Thanks to the official energy poverty indicators defined by the Ministry for Ecological Transition and the Demographic Challenge (MITECO) and the latest figures from the Statistical Institute of Catalonia (Idescat), we know that 15.9% of the Catalan population cannot keep their homes at an adequate temperature and 10.8% of the population is slow to pay their household utility bills, compared to 6.6% in 2017. Equally noteworthy is the figure indicating that 23.1% of the Catalan population live in homes with leaks, damp or with floors, windows or doors in poor condition.
These general figures reveal differences depending on whether we analyse inland or coastal areas, with a more agreeable climate, but there are also differences between urban and rural environments. Although energy prices are uniform throughout the country, specific urban factors determine the degree and characteristics of energy poverty. One example is the price of housing, which is much higher in urban contexts and affects household budgets. The architectural make-up of cities, characterised by multi-dwelling buildings, also affects the demand for energy needed for heating and cooling.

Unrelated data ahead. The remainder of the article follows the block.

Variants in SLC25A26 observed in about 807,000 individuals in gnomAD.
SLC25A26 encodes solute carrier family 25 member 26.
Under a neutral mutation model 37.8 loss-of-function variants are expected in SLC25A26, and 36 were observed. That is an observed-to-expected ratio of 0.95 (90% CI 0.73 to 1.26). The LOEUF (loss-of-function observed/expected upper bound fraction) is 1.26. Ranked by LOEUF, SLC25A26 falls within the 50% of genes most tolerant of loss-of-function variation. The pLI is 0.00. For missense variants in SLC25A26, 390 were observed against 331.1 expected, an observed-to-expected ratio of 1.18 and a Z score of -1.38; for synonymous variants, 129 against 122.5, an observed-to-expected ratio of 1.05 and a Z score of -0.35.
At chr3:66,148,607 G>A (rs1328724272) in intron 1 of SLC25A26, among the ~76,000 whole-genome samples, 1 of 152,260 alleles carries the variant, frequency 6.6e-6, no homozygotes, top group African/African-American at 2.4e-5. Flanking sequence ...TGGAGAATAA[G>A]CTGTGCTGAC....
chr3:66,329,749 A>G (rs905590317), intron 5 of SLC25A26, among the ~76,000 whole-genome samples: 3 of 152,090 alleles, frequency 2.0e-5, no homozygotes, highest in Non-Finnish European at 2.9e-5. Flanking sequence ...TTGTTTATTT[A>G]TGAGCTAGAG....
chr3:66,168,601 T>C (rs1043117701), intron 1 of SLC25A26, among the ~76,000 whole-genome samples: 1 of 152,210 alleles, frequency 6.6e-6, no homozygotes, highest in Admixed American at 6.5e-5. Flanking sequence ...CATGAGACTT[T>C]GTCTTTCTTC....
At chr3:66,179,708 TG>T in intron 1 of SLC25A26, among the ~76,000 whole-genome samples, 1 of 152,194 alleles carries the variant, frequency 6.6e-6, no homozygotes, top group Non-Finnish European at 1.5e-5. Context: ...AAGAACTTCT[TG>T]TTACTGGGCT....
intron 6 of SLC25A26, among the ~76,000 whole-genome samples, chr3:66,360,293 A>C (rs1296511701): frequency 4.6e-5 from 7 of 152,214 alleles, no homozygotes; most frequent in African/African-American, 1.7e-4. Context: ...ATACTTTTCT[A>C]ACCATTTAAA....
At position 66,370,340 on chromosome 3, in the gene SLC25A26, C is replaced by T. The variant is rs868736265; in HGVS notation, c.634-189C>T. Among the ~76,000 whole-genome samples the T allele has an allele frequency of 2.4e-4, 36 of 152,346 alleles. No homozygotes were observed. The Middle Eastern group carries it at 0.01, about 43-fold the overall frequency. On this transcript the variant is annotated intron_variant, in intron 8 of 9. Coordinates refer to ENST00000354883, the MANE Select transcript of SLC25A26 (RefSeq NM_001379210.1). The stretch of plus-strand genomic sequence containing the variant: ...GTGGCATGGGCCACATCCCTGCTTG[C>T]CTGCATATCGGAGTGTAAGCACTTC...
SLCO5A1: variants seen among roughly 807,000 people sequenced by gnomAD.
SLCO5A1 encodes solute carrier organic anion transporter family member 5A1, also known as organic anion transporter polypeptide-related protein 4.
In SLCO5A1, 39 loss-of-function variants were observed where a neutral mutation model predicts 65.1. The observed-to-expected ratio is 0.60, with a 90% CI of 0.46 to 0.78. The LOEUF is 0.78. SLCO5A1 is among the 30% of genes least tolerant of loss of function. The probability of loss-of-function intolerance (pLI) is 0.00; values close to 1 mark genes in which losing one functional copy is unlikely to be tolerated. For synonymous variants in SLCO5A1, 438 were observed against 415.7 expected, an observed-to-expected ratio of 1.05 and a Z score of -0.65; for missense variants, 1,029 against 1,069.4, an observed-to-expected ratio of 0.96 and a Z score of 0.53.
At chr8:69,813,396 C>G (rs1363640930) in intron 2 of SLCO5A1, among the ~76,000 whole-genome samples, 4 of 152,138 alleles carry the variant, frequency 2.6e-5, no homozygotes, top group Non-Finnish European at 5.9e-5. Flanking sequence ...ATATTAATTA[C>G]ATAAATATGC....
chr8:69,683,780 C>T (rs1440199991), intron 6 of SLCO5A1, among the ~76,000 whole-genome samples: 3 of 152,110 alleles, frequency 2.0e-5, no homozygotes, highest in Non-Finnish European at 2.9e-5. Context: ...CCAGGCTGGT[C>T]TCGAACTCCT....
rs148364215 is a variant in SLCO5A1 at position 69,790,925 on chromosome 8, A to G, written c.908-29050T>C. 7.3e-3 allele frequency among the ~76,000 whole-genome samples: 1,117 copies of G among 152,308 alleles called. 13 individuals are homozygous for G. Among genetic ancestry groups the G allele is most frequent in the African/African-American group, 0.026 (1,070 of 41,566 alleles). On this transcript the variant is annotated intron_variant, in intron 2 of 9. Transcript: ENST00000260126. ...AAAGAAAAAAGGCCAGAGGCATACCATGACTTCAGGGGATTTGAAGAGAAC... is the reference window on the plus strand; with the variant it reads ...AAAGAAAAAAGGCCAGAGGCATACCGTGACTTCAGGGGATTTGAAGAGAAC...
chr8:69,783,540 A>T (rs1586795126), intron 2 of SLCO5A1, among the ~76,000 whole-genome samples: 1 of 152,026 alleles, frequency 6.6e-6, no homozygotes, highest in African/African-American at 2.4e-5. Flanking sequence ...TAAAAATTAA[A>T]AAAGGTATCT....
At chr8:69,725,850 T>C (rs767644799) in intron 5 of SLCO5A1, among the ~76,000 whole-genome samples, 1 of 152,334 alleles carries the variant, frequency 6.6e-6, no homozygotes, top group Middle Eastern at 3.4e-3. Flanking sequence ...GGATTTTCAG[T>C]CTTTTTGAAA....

Differences in the incidence of energy poverty are also found within urban centres. For example, the map resulting from the study conducted by researchers from the Barcelona Public Health Agency comparing six indicators of energy poverty in the 73 neighbourhoods of Barcelona2 is very visual and shows significant differences between neighbourhoods.
Towards achieving a just energy transition
As citizens, we have linked the current energy crisis to the rise in electricity and gas prices because it affects us directly. But the root cause behind the current high prices in European markets is the European Union’s energy dependence on fossil fuels, such as gas. The measures that have been adopted to contain prices and protect users are temporary and short-sighted. The long-term strategy calls for reducing external dependence on fossil fuels and committing to an energy transition that allows for more local energy generation from non-polluting sources. However, to succeed, this energy transition must leave no one behind.